An alliance of social welfare advocates in Quebec are asking Quebec’s Labour, Employment and Social solidarity Minister Jean Boulet to reform the rules that make it harder for welfare recipients to get by.

Specifically, the group wants the social assistance system to stop penalizing claimants who are in the process of reintegrating into the labour market, with the first barrier to employment identified as the amount of social assistance cheques. “At $669 per month for a single person, the amount of the social assistance cheque is clearly insufficient to allow for the search for work,” says community organizer Sheetal Pathak. “A studio on the Island of Montreal costs an average of $649 a month (according to the CMHC). From the first of the month, people are in survival mode,” she says, adding job searches require a bus pass, phone, and decent clothing.

Another obstacle cited is the increased administrative burden when work income is reported.

People on social assistance are often working part-time, on-call, with a variable income and no guarantee of hours. “When I was on social assistance, I only managed to find part-time or contract jobs” recalled now-retired Debra Fogel. “The welfare office often asked me for proof that I was not working full-time, or that I was between contracts. It’s hard to prove—sometimes my employer wouldn’t give me a job statement because he still thought he’d keep me on call. It’s embarrassing to ask for letters from your employer when you’re always on call and you’re trying to maintain a good relationship.”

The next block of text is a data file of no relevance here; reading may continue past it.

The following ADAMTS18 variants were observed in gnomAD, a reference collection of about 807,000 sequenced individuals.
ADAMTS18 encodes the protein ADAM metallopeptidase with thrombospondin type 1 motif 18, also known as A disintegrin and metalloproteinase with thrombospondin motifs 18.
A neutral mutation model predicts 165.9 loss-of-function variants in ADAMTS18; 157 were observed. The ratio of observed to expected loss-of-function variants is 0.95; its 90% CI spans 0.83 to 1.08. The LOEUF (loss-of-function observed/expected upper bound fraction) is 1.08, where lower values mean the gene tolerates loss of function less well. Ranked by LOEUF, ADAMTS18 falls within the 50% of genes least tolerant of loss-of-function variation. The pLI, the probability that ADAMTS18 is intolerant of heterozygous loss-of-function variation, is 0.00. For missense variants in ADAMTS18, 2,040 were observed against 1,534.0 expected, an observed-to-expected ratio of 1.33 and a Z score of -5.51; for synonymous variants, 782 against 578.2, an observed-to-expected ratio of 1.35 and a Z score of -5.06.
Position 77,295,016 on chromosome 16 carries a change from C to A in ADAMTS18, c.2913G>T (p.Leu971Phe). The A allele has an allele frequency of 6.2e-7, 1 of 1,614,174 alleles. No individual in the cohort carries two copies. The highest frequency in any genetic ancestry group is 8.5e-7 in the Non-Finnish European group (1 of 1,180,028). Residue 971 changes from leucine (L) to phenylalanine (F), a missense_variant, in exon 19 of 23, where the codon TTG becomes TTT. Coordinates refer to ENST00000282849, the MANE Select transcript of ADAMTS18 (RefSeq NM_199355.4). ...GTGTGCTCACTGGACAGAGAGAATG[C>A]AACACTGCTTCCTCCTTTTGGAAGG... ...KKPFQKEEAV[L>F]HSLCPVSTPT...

In addition to requests for documents, working on social assistance can lead to increased financial instability, with a single recipient permitted to keep only $200 of work earnings per month ($300 per couple). Any excess work income is cut dollar for dollar from the next cheque. However, when hours and incomes vary, social assistance will prefer to cut “too much” to prevent recipients from accumulating debts says Pathak. “The result is that many people find themselves in a situation where they cannot pay their rent because they have worked. It doesn’t make any sense.” Moreover, the amount has not been increased since 1999, today representing 16 hours of work per month at minimum wage, whereas 20 years ago, claimants could work 29 hours a month and keep their full salary.

Finally, the complex process of allocating social assistance discourages many from taking the risk of leaving the program and losing the little financial stability they have. The group wants the government to significantly increase social assistance, increase work gains allowed, reduce administrative requirements for working recipients, and improve access to social assistance for all.

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